SQL – Views and Subqueries

SQL – Views and Subqueries

Firstly, the table was created in the slecdis ltd database by opening the given .sql file. The database was created on a Ubuntu 16.04 server because it was of interest to me to experiment a little bit with the command line controls of PostgreSQL and the connectivity with pgAdmin.

Screenshot 1: Executed E03-data.sql file

In the exercise section, some basic SQL queries were performed as well as views created. The SQL queries included the already known SELECT & FROM statements, as well as the ORDER BY statement which takes the column and direction of the intended order as arguments.

Screenshot 2: Top 20 capitals ordered by population count

After displaying the capitals ordered by population count, the so called view was created, which holds routinely performed queries and can be performed by only calling the view it- self. This trick was immediately used by adding 300.000 inhabitants to Singapore in order to push it to Rank No. 20, which lead to the visualization of the new table when calling the capitals top 20 view. The addition was performed by adding 300.000 to the population count of Singapore with the SET – WHERE statements.

Screenshot 3 (showing steps 3 & 4 simultaniously): Addition to Singapore’s population as well as calling of the capitals_top_20 view, please note Singapore in place No. 20

Using subqueries, aggregate functions can be used within other conditions. The so-called outer query does the selection of the data and sets the first half of the operator statement, while the inner query holds the function that is to be performed. Basically, a separate question needs to be formulated for both selecting the population and then using a subquery for the calculation of the average.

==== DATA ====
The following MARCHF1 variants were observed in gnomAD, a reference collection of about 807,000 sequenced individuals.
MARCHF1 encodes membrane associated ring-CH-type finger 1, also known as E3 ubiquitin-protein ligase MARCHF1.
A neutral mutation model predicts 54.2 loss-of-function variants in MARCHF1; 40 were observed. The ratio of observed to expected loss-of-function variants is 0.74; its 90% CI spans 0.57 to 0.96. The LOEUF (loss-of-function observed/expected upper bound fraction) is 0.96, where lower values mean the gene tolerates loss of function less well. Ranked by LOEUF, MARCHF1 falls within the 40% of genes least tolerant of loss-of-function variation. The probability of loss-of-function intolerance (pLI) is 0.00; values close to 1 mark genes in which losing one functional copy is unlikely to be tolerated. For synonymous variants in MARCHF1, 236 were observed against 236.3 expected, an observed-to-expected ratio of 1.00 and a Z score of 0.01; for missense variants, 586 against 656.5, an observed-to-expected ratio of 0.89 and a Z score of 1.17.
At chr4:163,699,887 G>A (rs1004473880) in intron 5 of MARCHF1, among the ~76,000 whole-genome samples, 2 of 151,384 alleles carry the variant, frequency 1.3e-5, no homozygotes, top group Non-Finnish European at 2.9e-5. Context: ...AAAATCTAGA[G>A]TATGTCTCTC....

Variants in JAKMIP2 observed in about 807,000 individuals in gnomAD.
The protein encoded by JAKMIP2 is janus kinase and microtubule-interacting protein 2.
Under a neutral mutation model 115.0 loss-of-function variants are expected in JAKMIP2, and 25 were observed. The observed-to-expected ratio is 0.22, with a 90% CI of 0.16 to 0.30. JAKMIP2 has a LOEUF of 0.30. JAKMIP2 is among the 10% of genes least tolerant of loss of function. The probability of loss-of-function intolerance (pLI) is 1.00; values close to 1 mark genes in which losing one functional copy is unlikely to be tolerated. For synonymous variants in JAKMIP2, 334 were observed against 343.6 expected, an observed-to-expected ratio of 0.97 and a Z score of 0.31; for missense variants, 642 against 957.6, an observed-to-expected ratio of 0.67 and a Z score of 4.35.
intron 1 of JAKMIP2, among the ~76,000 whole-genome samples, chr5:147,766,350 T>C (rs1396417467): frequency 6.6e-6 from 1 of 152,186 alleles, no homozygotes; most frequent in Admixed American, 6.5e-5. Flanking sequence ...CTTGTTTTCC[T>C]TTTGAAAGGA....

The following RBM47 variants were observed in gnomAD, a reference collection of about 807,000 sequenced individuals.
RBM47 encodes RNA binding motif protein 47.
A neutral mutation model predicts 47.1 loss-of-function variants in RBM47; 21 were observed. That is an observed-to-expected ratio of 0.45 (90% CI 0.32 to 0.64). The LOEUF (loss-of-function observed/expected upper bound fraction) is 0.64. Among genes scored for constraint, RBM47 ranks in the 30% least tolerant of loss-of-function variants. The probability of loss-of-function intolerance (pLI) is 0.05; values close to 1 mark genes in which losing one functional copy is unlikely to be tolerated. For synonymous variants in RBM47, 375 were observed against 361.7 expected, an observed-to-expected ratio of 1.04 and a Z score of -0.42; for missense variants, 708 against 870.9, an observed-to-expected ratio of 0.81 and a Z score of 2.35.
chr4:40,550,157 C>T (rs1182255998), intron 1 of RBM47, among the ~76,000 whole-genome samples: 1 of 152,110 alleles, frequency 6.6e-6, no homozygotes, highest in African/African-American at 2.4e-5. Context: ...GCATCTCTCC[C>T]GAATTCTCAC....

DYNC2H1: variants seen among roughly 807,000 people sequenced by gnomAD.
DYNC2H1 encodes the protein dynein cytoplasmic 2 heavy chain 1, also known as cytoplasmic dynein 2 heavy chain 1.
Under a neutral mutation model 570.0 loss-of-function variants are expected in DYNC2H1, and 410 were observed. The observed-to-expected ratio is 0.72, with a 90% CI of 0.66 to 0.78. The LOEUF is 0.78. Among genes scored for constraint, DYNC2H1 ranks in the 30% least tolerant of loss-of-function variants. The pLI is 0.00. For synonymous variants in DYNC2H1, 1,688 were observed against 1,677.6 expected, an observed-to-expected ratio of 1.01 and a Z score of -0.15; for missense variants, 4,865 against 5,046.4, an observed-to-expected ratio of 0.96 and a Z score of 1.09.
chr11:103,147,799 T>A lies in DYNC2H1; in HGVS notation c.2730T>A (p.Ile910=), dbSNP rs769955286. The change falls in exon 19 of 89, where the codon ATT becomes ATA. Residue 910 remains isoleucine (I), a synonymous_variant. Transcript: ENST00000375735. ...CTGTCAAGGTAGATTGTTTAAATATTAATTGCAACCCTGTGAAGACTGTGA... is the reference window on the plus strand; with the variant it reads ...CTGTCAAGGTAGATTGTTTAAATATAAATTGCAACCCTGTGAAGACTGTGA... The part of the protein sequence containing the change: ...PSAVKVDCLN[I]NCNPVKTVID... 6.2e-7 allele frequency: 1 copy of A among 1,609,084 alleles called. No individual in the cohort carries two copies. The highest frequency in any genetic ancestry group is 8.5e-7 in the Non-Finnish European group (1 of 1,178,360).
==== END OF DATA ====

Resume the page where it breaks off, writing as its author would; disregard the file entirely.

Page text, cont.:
As already briefly mentioned, operators were introduced which fulfill the same tasks and use the same syntax as different programming/scripting languages. The AVG function was also used.

Screenshot 5: Query and Subquery to select cities that have an above average population count within the dataset

Explain it!

By storing complex queries as views, a lot of time and effort can be saved. Knowing that certain queries need to be repeated frequently, it makes sense to use these predefined queries in future operations. If the result of a view is known, it is also possible to break down larger problems into smaller sub-problems and breaking the task up int smaller steps. This has the potential to decrease the complexity of larger operations and by calling multiple views in one other query, the readability can potentially be increased.


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